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Sea turtle nesting season begins

Posted at 6:23 AM, Mar 01, 2017
and last updated 2019-03-27 07:03:40-04

Florida's east coast from Tequesta to North Palm Beach is home to some of the country's most densely-populated sea turtle nesting beaches and one organization is taking conservation efforts to the next level.

This year, Loggerhead Marinelife Center and the Archie Carr Center for Sea Turtle Research (ACCSTR) at the University of Florida will implement a Voluntary Speed Reduction Zone initiative to help reduce sea turtle boat-strike injuries.


"A voluntary speed reduction in this vital sea turtle habitat will help increase awareness of sea turtle conservation and could potentially lead to a significant decrease in motorboat and sea turtle interactions," said Tommy Cutt, LMC's chief conservation officer.

The three-year project, funded by ACCSTR, will cover offshore waterways from the Jupiter Inlet to the Lake Worth Inlet during sea turtle nesting season in Palm Beach County, which runs March 1 to Oct. 31.

"Our team will work with local commercial and recreational partners to develop a volunteer speed that won't negatively impact their business and helps keep local wildlife safe,” said Cutt.

During nesting season, female sea turtles spend additional time near the ocean's surface, which puts them at a higher risk of being struck by a boat propeller or hull.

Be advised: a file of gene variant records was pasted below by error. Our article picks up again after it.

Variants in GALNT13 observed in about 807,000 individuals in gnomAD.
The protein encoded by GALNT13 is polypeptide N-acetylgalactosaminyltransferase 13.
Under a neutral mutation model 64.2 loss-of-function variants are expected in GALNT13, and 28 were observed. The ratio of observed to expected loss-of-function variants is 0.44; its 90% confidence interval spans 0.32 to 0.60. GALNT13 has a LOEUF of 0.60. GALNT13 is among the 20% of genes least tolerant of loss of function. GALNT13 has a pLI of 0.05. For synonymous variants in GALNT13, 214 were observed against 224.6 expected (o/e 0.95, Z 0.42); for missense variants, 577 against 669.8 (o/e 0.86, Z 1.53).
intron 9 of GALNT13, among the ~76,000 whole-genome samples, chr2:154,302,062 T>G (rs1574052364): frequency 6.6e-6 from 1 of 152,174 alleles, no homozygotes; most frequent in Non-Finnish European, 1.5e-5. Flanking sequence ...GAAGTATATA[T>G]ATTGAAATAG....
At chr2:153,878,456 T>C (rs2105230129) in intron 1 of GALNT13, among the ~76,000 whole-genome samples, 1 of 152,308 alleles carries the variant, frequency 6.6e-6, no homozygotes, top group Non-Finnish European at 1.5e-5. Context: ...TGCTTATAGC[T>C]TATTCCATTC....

For the first year of the project, LMC will use a long-range, laser speed detection system and binoculars to gather data from three predetermined collection points at three different times every day.

Over the following two years, LMC will use the data and work with the Florida Fish and Wildlife Conservation Commission and ACCSTR to establish a safe speed and location for the zone to help reduce the amount of boat strikes.

Loggerhead Marinelife Center will implement outreach, marketing and education efforts while continuing to collect data.

The public is reminded to keep their hands off hatchlings during nesting season and to turn out lights to prevent females or hatchlings from getting confused and going towards the lights on land.

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